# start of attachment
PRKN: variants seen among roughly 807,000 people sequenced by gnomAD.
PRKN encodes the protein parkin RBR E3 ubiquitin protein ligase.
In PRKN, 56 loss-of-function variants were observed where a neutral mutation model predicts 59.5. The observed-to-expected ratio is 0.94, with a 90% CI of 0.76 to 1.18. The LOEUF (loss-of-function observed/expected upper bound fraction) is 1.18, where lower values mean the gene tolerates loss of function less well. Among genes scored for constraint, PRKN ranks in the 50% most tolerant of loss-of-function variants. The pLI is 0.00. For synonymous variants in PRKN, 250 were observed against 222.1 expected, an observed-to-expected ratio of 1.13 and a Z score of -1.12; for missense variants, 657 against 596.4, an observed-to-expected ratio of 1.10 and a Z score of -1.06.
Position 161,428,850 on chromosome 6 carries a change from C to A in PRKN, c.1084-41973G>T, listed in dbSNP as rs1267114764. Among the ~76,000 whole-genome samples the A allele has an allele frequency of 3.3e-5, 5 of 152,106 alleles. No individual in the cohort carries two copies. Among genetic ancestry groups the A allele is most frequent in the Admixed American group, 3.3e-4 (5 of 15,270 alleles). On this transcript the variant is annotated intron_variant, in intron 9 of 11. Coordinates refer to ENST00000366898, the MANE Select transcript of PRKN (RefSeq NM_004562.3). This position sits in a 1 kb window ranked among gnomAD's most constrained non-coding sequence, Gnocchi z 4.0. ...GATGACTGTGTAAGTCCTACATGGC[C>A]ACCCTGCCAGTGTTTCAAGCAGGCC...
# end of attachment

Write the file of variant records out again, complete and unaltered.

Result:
PRKN: variants seen among roughly 807,000 people sequenced by gnomAD.
PRKN encodes the protein parkin RBR E3 ubiquitin protein ligase.
In PRKN, 56 loss-of-function variants were observed where a neutral mutation model predicts 59.5. The observed-to-expected ratio is 0.94, with a 90% CI of 0.76 to 1.18. The LOEUF (loss-of-function observed/expected upper bound fraction) is 1.18, where lower values mean the gene tolerates loss of function less well. Among genes scored for constraint, PRKN ranks in the 50% most tolerant of loss-of-function variants. The pLI is 0.00. For synonymous variants in PRKN, 250 were observed against 222.1 expected, an observed-to-expected ratio of 1.13 and a Z score of -1.12; for missense variants, 657 against 596.4, an observed-to-expected ratio of 1.10 and a Z score of -1.06.
Position 161,428,850 on chromosome 6 carries a change from C to A in PRKN, c.1084-41973G>T, listed in dbSNP as rs1267114764. Among the ~76,000 whole-genome samples the A allele has an allele frequency of 3.3e-5, 5 of 152,106 alleles. No individual in the cohort carries two copies. Among genetic ancestry groups the A allele is most frequent in the Admixed American group, 3.3e-4 (5 of 15,270 alleles). On this transcript the variant is annotated intron_variant, in intron 9 of 11. Coordinates refer to ENST00000366898, the MANE Select transcript of PRKN (RefSeq NM_004562.3). This position sits in a 1 kb window ranked among gnomAD's most constrained non-coding sequence, Gnocchi z 4.0. ...GATGACTGTGTAAGTCCTACATGGC[C>A]ACCCTGCCAGTGTTTCAAGCAGGCC...